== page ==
Marriage is often an idol, but isn’t much of one. A beautiful girl, Noemie d’Artiailh, necessarily weds the rich Jean Peloueyre in A Kiss for the Leper (1921), a short novel by the French Francois Mauriac, but the marriage is absurd, never consummated. Noemie is repulsed by Jean’s ugly body. After his death, however, she grows to love Jean and, in fact, must accept being “condemned to greatness”: renunciation.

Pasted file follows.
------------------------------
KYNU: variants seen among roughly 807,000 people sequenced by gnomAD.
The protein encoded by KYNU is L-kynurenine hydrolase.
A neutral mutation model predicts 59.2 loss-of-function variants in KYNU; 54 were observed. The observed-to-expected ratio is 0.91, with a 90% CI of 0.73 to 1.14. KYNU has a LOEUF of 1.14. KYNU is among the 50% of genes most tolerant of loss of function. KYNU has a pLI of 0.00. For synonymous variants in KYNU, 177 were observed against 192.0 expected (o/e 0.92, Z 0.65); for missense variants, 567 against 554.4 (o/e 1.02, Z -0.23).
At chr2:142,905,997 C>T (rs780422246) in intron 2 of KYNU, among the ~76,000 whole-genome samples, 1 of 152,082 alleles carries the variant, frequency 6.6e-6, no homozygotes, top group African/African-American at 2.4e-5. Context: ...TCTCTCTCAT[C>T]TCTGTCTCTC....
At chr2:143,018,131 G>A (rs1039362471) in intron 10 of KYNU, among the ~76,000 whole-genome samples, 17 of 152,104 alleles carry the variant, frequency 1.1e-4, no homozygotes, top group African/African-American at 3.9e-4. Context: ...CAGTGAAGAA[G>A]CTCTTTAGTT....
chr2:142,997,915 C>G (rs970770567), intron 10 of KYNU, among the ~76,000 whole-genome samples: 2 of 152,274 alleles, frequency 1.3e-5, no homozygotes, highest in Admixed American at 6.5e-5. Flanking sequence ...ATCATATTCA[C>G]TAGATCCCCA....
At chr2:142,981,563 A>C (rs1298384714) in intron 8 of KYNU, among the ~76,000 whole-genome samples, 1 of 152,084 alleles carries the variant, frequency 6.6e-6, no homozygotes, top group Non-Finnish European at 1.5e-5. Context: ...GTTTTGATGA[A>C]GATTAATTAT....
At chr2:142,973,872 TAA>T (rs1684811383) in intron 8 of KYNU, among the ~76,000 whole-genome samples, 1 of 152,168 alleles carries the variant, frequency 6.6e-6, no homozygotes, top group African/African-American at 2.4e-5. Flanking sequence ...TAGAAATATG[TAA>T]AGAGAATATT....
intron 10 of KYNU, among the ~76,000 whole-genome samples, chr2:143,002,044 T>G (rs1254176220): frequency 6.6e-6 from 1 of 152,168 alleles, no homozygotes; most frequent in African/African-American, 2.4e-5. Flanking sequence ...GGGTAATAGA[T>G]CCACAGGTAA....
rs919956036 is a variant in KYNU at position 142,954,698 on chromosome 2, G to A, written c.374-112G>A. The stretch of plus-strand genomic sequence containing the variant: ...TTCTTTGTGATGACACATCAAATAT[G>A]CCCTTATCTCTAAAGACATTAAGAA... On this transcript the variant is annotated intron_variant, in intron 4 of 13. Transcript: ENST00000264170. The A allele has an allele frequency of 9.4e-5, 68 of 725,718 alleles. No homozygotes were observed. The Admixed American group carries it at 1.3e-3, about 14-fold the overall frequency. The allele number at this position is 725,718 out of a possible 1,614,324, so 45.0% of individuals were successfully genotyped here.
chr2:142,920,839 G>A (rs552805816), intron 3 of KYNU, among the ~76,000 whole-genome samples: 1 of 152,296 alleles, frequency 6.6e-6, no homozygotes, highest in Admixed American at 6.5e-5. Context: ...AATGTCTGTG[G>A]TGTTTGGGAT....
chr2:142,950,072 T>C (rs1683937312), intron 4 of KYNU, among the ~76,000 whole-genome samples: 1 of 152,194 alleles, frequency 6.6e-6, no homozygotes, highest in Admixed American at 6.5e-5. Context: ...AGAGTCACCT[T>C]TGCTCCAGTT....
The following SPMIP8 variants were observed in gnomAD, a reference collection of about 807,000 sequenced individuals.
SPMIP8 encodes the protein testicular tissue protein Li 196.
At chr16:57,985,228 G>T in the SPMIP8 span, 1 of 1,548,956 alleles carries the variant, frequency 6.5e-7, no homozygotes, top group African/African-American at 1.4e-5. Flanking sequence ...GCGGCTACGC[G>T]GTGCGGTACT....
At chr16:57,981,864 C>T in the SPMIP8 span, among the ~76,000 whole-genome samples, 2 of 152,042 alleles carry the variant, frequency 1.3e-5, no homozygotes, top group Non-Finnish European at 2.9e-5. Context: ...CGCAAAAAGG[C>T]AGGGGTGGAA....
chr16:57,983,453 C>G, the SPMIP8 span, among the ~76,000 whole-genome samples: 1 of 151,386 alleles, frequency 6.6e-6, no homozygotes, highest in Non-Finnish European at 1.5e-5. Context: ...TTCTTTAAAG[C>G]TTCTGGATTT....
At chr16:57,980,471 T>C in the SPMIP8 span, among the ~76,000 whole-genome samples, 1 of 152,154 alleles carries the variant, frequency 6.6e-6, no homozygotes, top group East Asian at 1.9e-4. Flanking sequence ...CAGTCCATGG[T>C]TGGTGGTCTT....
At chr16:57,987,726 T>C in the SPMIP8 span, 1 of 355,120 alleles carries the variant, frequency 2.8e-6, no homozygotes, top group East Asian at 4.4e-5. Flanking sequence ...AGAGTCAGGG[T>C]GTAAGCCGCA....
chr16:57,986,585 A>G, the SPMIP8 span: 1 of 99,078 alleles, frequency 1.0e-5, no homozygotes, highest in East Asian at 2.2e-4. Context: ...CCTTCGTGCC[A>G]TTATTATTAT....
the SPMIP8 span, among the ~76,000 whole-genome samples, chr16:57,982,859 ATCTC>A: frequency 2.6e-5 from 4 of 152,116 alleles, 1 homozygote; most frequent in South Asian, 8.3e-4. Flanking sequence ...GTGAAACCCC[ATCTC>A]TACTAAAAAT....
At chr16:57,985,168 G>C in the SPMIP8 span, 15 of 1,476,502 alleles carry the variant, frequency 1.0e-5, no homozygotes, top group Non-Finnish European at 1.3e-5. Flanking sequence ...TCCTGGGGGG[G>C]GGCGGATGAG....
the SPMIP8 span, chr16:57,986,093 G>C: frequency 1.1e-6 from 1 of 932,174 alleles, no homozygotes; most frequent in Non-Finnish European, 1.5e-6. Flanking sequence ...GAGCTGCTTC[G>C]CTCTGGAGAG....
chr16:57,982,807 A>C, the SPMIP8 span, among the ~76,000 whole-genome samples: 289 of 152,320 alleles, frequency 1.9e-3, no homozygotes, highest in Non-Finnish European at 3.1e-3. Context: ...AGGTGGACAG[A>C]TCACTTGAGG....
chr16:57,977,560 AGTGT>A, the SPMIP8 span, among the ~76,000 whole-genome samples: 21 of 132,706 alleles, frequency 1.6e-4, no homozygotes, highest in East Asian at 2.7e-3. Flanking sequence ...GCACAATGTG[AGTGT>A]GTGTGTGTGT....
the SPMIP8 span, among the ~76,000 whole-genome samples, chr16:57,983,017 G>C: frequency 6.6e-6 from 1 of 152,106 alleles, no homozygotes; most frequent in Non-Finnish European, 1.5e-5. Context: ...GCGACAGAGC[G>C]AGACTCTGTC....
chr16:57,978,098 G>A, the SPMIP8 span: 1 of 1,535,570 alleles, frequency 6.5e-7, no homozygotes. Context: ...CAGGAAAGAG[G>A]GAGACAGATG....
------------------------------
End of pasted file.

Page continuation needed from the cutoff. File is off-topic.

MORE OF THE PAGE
Both characters are Catholic, though at first the devoutness belongs to Noemie. Jean is drawn to Nietzsche, without abjuring Christian belief. What Leper is about is the difficulty of spiritual growth in lonely and depriving circumstances. Noemie and Jean spiritually advance and then retreat, retreat and then advance. For Jean this goes on in a short life. Noemi never remarries: “Every path but the path to renunciation was closed to her.” But that’s okay; to Mauriac this reality involves “a poor woman” driven to “stretch her hands to the cool waters of Eternal Life.” It makes sense to do so.